The world is currently in a crisis. As the spread of virus makes its way through countries and continents, businesses are ramping up their crisis response teams. This response is not isolated to any one form of business, and ranges from corporate, industrial, agricultural and educational. Businesses with critical IT footprints are rapidly reacting to possibilities of large scale remote asset management, not just with bare-metal, but with people.
This rapid response is a necessity for companies to continue to serve their customers, protect their people, and preserve their revenue. Unfortunately, there is an unavoidable side effect of rapid response in IT, and that is technical debt.
Technical debt is a natural byproduct of business driven IT. As funded projects make their way through delivery, developers are often left with risk based decision making that help stay on course, both financially and temporally.
These decisions can be as simple as leaving out comments in code, to more complex situations where features are built rapidly to serve an immediate business need without a long term support strategy.
Many businesses are finding themselves in this exact dilemma as they are responding to the current COVID-19 crisis. As engineers rearrange production priorities, many are left to quickly gap fill for potential business impacts and increased observability. As financial impacts are being felt around the world, there is little time to waste to ensure that the business continues delivery while strengthening their response and recovery plan.
Rapid response has a direct negative impact to well architected solutions, assuming otherwise is a denial that technical debt exists. This denial however is present in many organizations, and it is unfortunately a part of historical business culture that didn't embrace failures as learning opportunities. Doing now, and fixing later is more often than not required and essential to the sustained operation of a business. With that being said, we need to make sure that we stay honest that there is a "fix later" phase, which means we need to accept that our solution isn't perfect, and there is always room for increased conformity and improvement.
For a business to succeed as a force in IT, the fact that technical debt is an influencer to innovation must be embraced. Engineers need to understand that there are different solutions to common problems, and problems with no immediate solutions need to be documented and shared.
Technical debt can range from physical challenges ("we do not have the data transfer bandwidth to meet our SLO"), technical challenges ("our automation is taking too long to complete"), as well as financial challenges ("my current infrastructure is expensive to scale out") but it is important to note that initially one doesn't outweigh the other.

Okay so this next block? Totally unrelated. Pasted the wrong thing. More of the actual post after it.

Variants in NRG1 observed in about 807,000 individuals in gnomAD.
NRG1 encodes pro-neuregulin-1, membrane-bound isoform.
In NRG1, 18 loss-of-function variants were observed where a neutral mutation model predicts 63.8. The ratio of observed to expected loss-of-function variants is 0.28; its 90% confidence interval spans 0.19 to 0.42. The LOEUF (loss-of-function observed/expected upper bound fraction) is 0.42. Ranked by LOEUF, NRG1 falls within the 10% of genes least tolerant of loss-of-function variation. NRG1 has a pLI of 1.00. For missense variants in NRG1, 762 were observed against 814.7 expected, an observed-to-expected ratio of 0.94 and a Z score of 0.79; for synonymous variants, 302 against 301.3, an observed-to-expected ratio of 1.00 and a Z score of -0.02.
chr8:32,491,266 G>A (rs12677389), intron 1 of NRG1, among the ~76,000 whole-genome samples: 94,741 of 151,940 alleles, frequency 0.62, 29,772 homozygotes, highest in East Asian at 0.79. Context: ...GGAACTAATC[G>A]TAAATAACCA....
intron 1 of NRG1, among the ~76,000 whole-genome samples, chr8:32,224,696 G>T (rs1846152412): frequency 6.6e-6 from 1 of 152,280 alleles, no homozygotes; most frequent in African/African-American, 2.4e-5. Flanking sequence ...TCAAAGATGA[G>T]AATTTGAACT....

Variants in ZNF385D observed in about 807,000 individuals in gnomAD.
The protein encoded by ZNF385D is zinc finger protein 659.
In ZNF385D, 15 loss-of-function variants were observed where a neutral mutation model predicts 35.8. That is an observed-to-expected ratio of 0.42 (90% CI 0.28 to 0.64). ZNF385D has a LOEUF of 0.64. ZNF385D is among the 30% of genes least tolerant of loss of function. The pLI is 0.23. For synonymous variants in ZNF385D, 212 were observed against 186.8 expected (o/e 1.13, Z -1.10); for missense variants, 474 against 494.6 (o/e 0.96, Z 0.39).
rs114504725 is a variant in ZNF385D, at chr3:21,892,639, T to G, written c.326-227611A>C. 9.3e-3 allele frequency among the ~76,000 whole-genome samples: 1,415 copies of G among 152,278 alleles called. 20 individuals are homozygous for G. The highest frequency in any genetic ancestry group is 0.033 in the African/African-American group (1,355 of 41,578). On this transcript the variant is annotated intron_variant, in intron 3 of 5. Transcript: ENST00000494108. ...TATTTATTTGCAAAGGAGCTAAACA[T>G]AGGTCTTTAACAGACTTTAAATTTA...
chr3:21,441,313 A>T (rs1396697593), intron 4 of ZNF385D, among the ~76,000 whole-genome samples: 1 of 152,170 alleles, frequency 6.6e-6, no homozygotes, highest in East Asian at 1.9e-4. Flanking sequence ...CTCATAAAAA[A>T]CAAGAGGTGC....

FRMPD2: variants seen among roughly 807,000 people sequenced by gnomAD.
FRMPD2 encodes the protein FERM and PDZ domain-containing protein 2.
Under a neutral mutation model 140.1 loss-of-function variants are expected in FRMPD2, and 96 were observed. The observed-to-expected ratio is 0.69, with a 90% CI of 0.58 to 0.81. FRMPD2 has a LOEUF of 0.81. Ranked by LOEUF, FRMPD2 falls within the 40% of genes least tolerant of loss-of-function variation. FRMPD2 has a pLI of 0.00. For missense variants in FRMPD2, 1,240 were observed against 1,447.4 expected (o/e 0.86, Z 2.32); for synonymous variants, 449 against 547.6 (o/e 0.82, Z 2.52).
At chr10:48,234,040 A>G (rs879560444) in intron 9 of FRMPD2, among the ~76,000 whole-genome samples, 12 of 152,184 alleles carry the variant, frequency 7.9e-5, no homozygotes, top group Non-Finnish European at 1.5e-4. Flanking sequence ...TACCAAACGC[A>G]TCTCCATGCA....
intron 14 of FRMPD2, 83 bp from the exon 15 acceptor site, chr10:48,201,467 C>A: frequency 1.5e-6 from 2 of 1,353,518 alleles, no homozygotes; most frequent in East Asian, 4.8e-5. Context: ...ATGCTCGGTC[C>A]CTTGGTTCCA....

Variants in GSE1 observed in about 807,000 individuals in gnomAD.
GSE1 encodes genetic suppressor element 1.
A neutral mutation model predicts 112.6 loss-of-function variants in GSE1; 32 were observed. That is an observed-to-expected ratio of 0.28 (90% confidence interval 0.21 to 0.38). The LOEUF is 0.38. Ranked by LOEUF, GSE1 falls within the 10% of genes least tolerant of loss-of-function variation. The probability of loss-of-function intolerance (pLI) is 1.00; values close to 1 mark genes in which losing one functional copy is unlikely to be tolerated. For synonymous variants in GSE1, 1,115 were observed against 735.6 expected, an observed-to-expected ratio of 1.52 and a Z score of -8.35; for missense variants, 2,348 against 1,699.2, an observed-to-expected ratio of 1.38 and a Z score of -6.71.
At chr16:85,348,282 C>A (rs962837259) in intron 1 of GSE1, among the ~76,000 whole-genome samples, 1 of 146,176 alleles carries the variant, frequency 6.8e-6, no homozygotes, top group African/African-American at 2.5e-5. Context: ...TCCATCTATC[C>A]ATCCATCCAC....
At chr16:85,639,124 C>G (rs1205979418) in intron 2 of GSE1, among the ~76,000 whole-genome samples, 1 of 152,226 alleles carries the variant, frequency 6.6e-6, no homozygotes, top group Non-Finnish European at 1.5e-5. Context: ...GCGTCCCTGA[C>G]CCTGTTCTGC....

As we encounter these debts, we need to encourage ourselves and our staff to document them in a common place for everyone to see. Teams that have the luxury of being located in the same physical location should use visual cues like a whiteboard, post its, or even pin ups. The goal is to ensure that these debts are always in sight and not forgotten.
Virtual teams are not exempt from this process, and should use any content management tool at their disposal. For example, the mechanism for tracking can range from a shared cloud to-do list, to tools like bug trackers or agile project management software. The purpose is to ensure that all members of the team have the ability to contribute, and encouraged to do so.
These debts should be simple and conform to a set of loosely defined rules. For example, treat it like a "tweet" from your favorite influencer. The most impactful messages are the ones that are short, and direct. We are not trying to propose a solution, we are simply stating the problem we encounter while doing our jobs, or a time when we had to break away from a defined pattern. Keeping it as simple as possible ensures that the practice is not a distraction to our daily jobs.
As time goes on, there will be certain debts that are encountered multiple times, and possibly by multiple people. The most important part of debt tracking is recording them as they reoccur, for example with a check mark for physical lists, or some sort of virtual marker. This will help build a natural priority to approaching our debts, and which ones may have the largest return on investment. Remember, the reason some of these debts were created was due to financial, technical or timing constraints therefore not all of them can be solved, or will need to be solved. Some will be the most expensive financially to solve, but provide the least amount of ROI because they are not encountered often.
Now that debts are being tracked, they must be reviewed and reminded of. Depending on the size of the organization, its agility, and other possible factors, reviews can be done after several weeks, or even months. This should become part of the normal business practice so that the debts are embraced as a team, and members become less adverse to avoiding them.
Technical debt is unavoidable, and its introduction to the business landscape is required to respond effectively not only to crisis, but shifting production priorities, employee turnaround, as well as accelerated delivery timelines. We must encourage our teams to embrace these debts, not shy away from them, and expose them as soon as possible.
As teams are responding to pandemic, rapid deployment of infrastructure, architecture, and solutions will naturally need to take the quickest path to production. There will be processes that will break for the sake of agility, and checks and balances that will be temporarily bypassed. Stay vigilant to your priorities, but don't lose sight of any shortcuts that were needed to be successful.
A social network for devs?
Level up every day